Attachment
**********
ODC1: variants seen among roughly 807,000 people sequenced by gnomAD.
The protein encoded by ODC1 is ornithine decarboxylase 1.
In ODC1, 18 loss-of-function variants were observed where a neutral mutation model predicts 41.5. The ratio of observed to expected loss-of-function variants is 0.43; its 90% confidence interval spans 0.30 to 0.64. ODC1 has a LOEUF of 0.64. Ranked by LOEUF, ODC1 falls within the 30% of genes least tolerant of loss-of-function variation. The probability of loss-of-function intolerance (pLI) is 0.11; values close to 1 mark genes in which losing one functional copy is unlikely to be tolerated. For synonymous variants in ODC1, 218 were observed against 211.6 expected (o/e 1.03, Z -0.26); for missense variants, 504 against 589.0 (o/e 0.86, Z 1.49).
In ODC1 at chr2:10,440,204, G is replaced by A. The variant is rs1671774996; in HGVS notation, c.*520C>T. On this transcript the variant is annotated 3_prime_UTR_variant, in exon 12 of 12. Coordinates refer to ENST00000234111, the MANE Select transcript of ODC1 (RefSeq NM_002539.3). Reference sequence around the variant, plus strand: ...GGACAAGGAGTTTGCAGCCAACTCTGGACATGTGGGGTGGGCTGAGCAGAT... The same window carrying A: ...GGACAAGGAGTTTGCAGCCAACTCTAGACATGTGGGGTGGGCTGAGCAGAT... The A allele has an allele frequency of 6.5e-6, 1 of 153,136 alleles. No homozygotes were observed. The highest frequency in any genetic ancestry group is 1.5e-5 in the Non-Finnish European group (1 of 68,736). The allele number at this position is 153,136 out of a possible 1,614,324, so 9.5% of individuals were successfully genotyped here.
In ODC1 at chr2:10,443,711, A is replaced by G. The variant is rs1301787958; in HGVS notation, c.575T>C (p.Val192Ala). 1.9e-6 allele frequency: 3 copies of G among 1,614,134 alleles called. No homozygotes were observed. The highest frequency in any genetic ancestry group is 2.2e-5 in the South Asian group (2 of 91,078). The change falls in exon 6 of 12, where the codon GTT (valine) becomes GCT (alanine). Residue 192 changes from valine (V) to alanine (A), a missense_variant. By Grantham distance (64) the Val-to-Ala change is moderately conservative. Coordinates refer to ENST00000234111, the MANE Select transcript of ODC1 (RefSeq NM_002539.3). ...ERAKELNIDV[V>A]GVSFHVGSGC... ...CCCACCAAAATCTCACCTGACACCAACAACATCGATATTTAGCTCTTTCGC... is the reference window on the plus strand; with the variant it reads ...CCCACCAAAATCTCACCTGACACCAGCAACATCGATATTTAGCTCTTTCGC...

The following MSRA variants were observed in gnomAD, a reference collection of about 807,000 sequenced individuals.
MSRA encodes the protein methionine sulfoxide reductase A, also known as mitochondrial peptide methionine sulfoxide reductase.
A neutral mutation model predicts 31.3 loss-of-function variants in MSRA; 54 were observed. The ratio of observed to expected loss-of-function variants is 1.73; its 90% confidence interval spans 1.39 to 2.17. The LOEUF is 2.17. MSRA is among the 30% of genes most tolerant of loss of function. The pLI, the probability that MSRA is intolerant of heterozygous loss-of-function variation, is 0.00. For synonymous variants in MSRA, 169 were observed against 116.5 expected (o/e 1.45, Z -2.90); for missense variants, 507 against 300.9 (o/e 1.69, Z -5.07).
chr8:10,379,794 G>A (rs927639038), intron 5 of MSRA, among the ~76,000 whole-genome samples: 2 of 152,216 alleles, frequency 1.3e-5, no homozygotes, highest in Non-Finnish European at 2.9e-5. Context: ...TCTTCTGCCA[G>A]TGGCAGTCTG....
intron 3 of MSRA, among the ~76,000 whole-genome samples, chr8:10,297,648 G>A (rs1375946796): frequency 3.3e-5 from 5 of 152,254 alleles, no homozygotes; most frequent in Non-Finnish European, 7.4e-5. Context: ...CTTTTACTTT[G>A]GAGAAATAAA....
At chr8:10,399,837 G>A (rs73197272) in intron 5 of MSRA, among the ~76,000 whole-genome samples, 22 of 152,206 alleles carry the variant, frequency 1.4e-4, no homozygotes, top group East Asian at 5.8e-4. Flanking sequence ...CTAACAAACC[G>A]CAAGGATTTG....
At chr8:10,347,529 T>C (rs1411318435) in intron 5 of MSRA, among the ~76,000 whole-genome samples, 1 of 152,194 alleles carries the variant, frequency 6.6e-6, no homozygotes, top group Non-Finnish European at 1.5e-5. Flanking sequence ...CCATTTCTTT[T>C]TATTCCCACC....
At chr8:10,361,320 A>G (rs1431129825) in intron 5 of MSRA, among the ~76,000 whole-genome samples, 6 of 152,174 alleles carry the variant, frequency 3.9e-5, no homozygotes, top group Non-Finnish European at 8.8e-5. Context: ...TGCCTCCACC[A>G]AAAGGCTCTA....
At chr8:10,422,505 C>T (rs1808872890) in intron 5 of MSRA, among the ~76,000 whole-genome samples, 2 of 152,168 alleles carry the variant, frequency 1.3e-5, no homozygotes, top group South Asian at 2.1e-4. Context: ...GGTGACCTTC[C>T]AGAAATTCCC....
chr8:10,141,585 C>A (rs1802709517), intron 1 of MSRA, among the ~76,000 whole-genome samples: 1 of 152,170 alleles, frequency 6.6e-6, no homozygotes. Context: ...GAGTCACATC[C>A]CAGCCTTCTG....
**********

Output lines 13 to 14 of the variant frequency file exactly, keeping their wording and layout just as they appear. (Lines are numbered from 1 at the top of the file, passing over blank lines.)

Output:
At chr8:10,361,320 A>G (rs1431129825) in intron 5 of MSRA, among the ~76,000 whole-genome samples, 6 of 152,174 alleles carry the variant, frequency 3.9e-5, no homozygotes, top group Non-Finnish European at 8.8e-5. Context: ...TGCCTCCACC[A>G]AAAGGCTCTA....
At chr8:10,422,505 C>T (rs1808872890) in intron 5 of MSRA, among the ~76,000 whole-genome samples, 2 of 152,168 alleles carry the variant, frequency 1.3e-5, no homozygotes, top group South Asian at 2.1e-4. Context: ...GGTGACCTTC[C>T]AGAAATTCCC....